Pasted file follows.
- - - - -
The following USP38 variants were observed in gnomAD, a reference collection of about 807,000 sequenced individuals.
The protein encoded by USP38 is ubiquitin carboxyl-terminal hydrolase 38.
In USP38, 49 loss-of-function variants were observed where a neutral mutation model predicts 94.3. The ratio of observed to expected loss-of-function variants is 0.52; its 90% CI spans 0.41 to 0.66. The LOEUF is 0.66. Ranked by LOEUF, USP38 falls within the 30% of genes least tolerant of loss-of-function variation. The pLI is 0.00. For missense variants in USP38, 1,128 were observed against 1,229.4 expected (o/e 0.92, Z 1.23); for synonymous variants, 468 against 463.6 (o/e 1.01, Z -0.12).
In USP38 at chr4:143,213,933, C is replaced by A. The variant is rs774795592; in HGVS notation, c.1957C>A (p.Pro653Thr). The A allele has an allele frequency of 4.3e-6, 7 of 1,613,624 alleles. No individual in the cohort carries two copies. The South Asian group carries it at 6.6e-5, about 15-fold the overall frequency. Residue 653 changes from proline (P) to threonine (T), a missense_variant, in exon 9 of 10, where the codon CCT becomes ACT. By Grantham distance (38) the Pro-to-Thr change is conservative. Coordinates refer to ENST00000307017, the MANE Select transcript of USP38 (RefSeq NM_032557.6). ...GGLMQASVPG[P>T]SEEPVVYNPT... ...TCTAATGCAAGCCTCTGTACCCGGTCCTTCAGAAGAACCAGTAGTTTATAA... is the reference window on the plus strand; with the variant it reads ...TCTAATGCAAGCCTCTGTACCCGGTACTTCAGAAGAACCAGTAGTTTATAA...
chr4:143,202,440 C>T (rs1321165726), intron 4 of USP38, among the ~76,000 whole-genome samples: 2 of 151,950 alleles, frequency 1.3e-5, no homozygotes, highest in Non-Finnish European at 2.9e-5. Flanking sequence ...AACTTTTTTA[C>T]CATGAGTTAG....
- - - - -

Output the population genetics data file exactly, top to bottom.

The following USP38 variants were observed in gnomAD, a reference collection of about 807,000 sequenced individuals.
The protein encoded by USP38 is ubiquitin carboxyl-terminal hydrolase 38.
In USP38, 49 loss-of-function variants were observed where a neutral mutation model predicts 94.3. The ratio of observed to expected loss-of-function variants is 0.52; its 90% CI spans 0.41 to 0.66. The LOEUF is 0.66. Ranked by LOEUF, USP38 falls within the 30% of genes least tolerant of loss-of-function variation. The pLI is 0.00. For missense variants in USP38, 1,128 were observed against 1,229.4 expected (o/e 0.92, Z 1.23); for synonymous variants, 468 against 463.6 (o/e 1.01, Z -0.12).
In USP38 at chr4:143,213,933, C is replaced by A. The variant is rs774795592; in HGVS notation, c.1957C>A (p.Pro653Thr). The A allele has an allele frequency of 4.3e-6, 7 of 1,613,624 alleles. No individual in the cohort carries two copies. The South Asian group carries it at 6.6e-5, about 15-fold the overall frequency. Residue 653 changes from proline (P) to threonine (T), a missense_variant, in exon 9 of 10, where the codon CCT becomes ACT. By Grantham distance (38) the Pro-to-Thr change is conservative. Coordinates refer to ENST00000307017, the MANE Select transcript of USP38 (RefSeq NM_032557.6). ...GGLMQASVPG[P>T]SEEPVVYNPT... ...TCTAATGCAAGCCTCTGTACCCGGTCCTTCAGAAGAACCAGTAGTTTATAA... is the reference window on the plus strand; with the variant it reads ...TCTAATGCAAGCCTCTGTACCCGGTACTTCAGAAGAACCAGTAGTTTATAA...
chr4:143,202,440 C>T (rs1321165726), intron 4 of USP38, among the ~76,000 whole-genome samples: 2 of 151,950 alleles, frequency 1.3e-5, no homozygotes, highest in Non-Finnish European at 2.9e-5. Flanking sequence ...AACTTTTTTA[C>T]CATGAGTTAG....